The culinary director for South Asian cuisines at Black Sheep Restaurants, chef Palash Mitra first learnt how to cook from his mother and grandmother while growing up in north India. After graduating from culinary school, he spent time at celebrity chef Vivek Singh’s The Cinnamon Club, Scarfes Bar at The Rosewood Hotel and Michelin-starred Gymkhana in London. Now, he oversees all of Black Sheep Restaurants’ South Asian establishments in Hong Kong: New Punjab Club, Hotal Colombo and Rajasthan Rifles.
How did you first get into cooking?
As far back as I can remember, I have been fortunate to be surrounded by good food pursued by family members who loved eating and cooking. I was massively influenced by my grandparents’ love of food. We grew up in an atmosphere where every meal was a celebration of the season’s new arrivals, the day’s fresh catch, and gifts of spices, jaggery, fruits and vegetables from distant relatives who were proud of their local produce. When my parents moved away from the ancestral family home to a city for better prospects, my mother continued this legacy of eating well and sensibly, though adapting to the local flavors and eating customs. Cooking has always felt natural to me.
What was the most important learning experience for you?
It was during a holiday at a friend’s farm where I learned the real meaning of good cooking. Growing up, we indulged in a lot of expensive products like the best hilsa, prawns, sweets, spices, chocolates and cheeses brought home from foreign travels. But living on the farm and eating off the land and waters around it made me realize the importance of respecting nature’s plentiful gifts. Everything tasted better, fresher and more satisfying. Teaching oneself how to cook with these “lesser” products and making them shine is the real reason a chef should cook.
What do you think are the most important attributes for a chef?
The will to get better with every passing day. You always need to seek new experiences and pick up new skills. A chef also has the responsibility to grow and develop the team. Be true to your roots, be humble, and keep in mind that it’s a marathon, not a sprint. Talent gets you to a point, but it’s the will that keeps you going.
Where do you get your culinary inspirations from?
From traveling, keeping abreast of the trends in the industry, and reading books, but most importantly from digging deep into my cultural history and heritage.
What are some common misconceptions about South Asian food, in your opinion?
Mostly that you can categorize the food of almost 2 billion people as “curry”. We are such a diverse region with so many sub-categories to our food. If you look at world cuisine, countries like Indonesia, Thailand and Japan all have curries, but they are definitely not the same thing, right?
At New Punjab Club we cook Punjabi food, which a lot of people assume is the same as “Indian” and so they expect a lot of vegetarian dishes. But Punjabi cuisine is actually quite survivalist. It is a war-torn migrant region so the cuisine is simplistic; people live off the land, so it’s a lot of grilled meats, breads and Black Label! Where Indians use numerous spices in each dish, Pakistanis typically use a single spice. For example, our dal makhani, which is one of the few non-grilled Pakistani dishes, uses only black cardamom.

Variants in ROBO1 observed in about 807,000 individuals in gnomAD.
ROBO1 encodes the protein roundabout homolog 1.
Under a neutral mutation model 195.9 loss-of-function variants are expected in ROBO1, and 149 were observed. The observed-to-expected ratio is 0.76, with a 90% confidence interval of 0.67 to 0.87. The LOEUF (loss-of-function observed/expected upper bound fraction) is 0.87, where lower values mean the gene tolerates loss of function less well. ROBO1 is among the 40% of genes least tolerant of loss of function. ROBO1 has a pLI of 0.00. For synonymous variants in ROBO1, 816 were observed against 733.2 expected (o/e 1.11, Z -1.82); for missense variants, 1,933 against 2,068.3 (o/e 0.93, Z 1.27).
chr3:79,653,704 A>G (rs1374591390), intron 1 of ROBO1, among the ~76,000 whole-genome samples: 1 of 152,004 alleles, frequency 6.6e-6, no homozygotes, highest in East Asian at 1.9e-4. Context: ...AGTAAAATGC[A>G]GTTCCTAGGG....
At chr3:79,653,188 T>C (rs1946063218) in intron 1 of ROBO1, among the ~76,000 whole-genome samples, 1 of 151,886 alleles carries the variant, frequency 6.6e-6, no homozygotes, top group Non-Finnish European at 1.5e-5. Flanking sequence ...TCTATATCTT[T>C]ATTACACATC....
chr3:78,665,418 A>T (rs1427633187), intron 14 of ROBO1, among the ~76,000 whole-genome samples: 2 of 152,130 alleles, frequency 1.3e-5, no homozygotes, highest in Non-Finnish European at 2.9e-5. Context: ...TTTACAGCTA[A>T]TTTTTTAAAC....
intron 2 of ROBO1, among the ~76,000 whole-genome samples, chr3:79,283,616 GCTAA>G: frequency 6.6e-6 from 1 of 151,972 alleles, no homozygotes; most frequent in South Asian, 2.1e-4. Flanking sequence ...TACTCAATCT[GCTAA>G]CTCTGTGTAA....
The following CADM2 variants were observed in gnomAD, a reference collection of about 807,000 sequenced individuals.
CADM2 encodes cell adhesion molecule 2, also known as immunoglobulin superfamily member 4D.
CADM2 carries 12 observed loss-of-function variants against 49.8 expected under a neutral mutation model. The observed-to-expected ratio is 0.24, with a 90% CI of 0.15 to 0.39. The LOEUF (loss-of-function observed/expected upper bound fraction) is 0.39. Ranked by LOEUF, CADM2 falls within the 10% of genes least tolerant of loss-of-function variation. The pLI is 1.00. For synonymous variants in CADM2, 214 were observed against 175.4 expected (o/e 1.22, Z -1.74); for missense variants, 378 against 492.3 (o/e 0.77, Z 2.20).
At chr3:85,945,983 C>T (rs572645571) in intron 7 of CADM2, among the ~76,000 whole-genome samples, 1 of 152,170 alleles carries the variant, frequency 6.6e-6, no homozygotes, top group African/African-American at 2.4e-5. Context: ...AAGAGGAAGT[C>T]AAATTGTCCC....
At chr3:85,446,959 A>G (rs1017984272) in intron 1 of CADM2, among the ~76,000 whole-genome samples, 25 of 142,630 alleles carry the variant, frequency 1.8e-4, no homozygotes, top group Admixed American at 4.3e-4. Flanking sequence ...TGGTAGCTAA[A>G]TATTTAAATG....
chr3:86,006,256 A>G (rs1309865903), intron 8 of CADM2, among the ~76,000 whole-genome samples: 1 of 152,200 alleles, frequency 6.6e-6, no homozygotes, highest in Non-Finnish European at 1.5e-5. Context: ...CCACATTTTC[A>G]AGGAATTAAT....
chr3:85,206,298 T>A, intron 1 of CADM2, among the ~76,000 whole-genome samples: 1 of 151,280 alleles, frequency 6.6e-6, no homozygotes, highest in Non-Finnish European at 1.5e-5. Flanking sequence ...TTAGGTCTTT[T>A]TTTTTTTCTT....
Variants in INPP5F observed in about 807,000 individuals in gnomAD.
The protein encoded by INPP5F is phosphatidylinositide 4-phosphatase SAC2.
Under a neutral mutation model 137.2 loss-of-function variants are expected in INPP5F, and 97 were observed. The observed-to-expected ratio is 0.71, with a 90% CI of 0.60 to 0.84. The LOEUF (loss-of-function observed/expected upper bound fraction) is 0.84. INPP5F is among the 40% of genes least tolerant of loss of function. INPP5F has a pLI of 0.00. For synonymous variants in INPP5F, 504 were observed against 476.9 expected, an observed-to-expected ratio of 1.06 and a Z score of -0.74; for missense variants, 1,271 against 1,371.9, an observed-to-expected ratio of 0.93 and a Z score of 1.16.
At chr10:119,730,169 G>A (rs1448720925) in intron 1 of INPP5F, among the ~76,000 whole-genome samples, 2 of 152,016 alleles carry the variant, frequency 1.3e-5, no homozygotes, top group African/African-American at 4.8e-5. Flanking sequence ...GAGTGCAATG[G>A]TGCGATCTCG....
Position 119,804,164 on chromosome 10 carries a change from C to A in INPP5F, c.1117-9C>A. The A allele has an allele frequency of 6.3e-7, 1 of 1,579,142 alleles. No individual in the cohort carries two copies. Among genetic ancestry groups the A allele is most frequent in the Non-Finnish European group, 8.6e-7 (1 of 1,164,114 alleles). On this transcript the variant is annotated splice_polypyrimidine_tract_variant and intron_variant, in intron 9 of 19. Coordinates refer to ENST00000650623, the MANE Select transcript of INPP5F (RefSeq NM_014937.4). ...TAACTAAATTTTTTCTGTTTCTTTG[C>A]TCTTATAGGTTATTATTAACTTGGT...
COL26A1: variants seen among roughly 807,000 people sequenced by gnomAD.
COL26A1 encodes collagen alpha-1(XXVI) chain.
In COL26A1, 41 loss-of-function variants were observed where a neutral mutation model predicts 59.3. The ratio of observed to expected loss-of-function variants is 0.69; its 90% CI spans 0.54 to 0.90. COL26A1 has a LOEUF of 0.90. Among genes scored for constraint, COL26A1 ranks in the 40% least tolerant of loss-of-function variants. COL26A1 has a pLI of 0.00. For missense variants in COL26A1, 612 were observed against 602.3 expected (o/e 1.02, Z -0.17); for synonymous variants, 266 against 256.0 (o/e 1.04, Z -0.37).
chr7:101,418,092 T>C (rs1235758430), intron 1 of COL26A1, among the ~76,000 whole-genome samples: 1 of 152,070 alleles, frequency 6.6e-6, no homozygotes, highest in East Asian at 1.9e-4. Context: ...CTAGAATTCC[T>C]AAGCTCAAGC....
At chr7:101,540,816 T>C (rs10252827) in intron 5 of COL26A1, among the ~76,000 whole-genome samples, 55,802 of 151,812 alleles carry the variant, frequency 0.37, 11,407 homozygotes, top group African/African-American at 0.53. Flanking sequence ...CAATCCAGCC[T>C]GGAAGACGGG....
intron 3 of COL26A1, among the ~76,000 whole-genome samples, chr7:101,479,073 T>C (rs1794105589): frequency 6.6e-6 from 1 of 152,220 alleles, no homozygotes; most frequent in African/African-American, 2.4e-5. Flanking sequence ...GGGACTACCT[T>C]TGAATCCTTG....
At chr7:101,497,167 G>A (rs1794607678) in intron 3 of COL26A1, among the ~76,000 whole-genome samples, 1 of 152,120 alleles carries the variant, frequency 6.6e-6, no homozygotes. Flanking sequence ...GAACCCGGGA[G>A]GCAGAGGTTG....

In a city where it’s more common to order casual South Asian takeout rather than go to a high-end South Asian restaurant, did you encounter any challenges with New Punjab Club when it first opened?
Yes, but we definitely expected the pushback that we received when we first opened. There were guests who felt we were “too expensive for curry” and guests who were upset there weren’t more vegetarian dishes at an “Indian restaurant”. We knew we weren’t going to be for everyone, but we also had guests and team members from our part of the world who were so proud to be able to bring their friends to New Punjab Club and say, “this is a piece of my culture, this is where I’m from” in a way they had never really been able to do before.
We really felt like the work we were doing—elevating not just a cuisine, but a whole community—was important, so we just kept doing good work and ultimately received a Michelin star just 18 months after opening our doors. It felt like winning the World Cup, there were a lot of tears.
How do you see South Asian cuisine in Hong Kong evolving over the next few years?
South Asian cuisine has been here for a very long time. It is already a really big part of the city’s restaurant landscape. But I hope the work we are doing to shine a light on some of the more underrepresented South Asian sub-genres will just whet people’s appetites for more and encourage them to try new things. With more and more people travelling to places in South Asia for holidays, like Sri Lanka, we already feel a difference in the restaurants. We love when guests come to Hotal Colombo and tell us that they ate crab curry like ours at the beach on holiday!
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